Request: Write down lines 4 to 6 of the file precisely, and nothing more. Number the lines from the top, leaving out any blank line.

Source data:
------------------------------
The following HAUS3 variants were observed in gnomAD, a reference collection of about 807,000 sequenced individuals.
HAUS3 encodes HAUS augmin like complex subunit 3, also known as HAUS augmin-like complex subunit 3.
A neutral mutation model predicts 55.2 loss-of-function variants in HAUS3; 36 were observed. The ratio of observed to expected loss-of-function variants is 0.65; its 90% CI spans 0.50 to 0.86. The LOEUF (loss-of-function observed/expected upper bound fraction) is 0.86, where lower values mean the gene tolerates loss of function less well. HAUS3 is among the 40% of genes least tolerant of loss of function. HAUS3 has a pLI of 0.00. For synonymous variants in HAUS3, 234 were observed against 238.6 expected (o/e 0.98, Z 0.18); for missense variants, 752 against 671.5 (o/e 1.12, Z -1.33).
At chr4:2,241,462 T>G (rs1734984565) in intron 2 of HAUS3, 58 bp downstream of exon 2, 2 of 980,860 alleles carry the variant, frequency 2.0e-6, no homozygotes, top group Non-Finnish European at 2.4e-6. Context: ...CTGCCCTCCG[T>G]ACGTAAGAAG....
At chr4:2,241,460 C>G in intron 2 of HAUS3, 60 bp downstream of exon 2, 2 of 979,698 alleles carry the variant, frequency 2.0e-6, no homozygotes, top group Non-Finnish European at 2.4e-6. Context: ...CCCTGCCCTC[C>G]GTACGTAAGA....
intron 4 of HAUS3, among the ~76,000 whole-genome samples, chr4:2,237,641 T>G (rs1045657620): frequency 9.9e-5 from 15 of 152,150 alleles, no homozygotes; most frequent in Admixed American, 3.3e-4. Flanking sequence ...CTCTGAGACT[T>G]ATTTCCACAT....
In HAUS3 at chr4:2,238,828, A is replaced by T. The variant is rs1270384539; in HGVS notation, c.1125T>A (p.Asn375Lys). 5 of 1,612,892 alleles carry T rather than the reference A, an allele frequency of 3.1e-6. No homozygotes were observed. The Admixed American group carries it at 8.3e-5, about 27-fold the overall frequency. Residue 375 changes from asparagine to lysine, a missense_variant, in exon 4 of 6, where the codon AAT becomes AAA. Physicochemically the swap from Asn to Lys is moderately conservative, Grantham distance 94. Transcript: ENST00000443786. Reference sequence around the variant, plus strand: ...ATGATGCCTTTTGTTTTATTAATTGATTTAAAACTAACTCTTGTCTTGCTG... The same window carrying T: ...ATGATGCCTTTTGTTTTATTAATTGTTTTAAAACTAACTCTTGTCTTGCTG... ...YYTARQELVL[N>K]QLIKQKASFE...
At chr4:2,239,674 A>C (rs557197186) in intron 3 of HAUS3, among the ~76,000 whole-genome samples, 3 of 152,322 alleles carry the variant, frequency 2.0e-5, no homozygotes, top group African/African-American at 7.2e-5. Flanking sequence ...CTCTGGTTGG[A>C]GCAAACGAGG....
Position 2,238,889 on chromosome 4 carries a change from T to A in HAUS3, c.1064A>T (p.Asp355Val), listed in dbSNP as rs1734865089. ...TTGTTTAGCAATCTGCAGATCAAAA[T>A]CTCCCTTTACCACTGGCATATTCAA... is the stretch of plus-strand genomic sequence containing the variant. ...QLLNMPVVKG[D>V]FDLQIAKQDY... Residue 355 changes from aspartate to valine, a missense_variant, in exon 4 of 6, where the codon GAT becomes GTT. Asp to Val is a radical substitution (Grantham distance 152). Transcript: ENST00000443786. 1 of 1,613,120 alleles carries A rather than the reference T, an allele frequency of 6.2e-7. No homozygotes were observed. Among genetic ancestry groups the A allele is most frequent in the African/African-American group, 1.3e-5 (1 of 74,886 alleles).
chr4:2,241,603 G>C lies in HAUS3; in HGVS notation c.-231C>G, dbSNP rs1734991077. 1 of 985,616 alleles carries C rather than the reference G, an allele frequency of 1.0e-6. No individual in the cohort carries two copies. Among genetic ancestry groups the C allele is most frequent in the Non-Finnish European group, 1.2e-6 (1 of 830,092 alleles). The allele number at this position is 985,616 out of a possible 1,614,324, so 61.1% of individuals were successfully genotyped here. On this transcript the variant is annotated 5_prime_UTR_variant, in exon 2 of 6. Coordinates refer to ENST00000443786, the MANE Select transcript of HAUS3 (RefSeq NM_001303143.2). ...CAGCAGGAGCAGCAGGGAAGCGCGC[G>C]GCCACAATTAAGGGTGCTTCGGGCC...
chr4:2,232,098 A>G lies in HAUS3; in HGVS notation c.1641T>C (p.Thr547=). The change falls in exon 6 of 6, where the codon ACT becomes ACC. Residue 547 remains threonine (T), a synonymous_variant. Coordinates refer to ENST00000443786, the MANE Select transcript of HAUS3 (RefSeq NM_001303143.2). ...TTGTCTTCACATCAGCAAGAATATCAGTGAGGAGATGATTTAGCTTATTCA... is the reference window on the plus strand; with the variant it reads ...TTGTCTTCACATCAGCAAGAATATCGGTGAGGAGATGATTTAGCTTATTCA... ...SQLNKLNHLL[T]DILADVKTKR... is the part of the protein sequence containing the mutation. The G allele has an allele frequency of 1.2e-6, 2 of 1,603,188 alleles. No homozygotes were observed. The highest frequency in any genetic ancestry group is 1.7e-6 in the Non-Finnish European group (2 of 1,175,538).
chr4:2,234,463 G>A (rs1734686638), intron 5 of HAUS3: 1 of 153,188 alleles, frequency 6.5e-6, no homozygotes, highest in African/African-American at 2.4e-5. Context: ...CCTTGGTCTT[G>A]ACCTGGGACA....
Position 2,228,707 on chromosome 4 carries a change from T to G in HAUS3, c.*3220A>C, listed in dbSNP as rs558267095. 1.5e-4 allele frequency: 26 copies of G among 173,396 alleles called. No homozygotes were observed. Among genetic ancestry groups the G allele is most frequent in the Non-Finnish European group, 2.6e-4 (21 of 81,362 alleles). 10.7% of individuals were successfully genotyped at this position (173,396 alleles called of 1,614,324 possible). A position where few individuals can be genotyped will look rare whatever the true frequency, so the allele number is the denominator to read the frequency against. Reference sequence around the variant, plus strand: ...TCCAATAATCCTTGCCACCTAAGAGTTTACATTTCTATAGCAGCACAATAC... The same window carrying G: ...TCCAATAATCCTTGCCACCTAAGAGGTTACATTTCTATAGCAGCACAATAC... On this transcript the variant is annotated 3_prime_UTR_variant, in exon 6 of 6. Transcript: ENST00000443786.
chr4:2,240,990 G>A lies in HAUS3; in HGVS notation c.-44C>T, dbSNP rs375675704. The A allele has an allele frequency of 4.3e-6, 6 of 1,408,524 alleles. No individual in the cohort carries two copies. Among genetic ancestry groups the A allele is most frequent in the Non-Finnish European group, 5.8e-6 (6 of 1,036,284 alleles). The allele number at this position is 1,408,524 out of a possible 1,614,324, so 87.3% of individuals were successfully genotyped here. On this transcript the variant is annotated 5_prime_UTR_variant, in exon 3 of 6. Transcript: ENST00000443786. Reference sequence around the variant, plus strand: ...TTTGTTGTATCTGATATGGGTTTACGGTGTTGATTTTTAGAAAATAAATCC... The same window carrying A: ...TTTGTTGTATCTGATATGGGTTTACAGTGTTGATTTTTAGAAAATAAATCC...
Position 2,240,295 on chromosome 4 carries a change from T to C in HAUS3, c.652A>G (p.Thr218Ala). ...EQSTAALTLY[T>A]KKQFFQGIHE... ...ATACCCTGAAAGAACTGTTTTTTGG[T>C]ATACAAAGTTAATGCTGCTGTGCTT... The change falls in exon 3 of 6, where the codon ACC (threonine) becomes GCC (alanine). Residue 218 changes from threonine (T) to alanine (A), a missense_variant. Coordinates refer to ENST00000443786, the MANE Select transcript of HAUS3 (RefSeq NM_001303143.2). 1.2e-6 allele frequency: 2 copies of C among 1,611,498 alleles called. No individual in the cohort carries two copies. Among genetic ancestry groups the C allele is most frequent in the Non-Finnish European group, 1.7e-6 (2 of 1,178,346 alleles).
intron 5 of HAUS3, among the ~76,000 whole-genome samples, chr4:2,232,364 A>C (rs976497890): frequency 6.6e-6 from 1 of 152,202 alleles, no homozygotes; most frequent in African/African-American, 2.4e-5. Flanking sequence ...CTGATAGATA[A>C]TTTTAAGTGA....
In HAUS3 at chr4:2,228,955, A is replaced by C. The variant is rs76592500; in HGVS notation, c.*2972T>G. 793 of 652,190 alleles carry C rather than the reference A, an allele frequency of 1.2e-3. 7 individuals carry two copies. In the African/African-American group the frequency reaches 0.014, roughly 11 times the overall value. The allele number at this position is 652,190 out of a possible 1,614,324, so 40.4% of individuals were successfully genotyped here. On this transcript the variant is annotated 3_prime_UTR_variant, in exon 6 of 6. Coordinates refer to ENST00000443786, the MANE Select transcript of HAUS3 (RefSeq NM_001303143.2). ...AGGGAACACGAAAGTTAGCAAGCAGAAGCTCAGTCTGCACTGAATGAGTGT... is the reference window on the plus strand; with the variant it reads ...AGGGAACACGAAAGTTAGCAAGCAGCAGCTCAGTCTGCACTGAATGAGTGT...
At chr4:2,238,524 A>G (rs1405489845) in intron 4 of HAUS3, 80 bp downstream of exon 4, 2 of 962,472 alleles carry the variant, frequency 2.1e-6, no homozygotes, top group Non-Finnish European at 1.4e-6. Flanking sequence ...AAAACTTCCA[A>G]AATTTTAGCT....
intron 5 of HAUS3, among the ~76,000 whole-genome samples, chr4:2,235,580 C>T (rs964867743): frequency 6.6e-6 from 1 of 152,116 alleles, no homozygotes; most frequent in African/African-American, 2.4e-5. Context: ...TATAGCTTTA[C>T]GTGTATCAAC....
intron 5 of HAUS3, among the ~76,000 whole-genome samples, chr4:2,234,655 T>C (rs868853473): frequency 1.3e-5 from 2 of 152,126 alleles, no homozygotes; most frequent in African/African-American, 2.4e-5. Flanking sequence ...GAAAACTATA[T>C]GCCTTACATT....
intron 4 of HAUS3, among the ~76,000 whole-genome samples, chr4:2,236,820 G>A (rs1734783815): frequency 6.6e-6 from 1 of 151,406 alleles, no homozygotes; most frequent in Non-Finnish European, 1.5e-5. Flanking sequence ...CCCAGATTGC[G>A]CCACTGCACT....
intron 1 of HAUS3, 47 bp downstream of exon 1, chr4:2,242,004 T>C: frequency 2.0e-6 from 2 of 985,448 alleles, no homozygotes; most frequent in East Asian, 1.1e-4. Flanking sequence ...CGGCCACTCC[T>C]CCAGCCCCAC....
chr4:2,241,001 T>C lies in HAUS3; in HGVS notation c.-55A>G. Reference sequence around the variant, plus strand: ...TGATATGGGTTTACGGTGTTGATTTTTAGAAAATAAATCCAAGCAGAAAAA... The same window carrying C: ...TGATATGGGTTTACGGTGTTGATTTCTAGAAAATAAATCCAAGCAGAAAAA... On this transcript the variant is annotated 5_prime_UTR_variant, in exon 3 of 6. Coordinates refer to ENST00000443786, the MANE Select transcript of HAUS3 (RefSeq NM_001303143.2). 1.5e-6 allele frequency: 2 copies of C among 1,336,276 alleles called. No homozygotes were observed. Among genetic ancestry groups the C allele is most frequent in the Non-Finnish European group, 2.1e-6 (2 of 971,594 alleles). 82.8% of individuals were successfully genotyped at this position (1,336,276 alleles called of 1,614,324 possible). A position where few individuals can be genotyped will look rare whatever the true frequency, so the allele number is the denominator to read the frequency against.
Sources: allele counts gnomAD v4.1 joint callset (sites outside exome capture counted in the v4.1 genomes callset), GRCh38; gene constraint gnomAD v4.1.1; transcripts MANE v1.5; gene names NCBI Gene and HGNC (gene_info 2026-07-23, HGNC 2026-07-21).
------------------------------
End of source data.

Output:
At chr4:2,241,462 T>G (rs1734984565) in intron 2 of HAUS3, 58 bp downstream of exon 2, 2 of 980,860 alleles carry the variant, frequency 2.0e-6, no homozygotes, top group Non-Finnish European at 2.4e-6. Context: ...CTGCCCTCCG[T>G]ACGTAAGAAG....
At chr4:2,241,460 C>G in intron 2 of HAUS3, 60 bp downstream of exon 2, 2 of 979,698 alleles carry the variant, frequency 2.0e-6, no homozygotes, top group Non-Finnish European at 2.4e-6. Context: ...CCCTGCCCTC[C>G]GTACGTAAGA....
intron 4 of HAUS3, among the ~76,000 whole-genome samples, chr4:2,237,641 T>G (rs1045657620): frequency 9.9e-5 from 15 of 152,150 alleles, no homozygotes; most frequent in Admixed American, 3.3e-4. Flanking sequence ...CTCTGAGACT[T>G]ATTTCCACAT....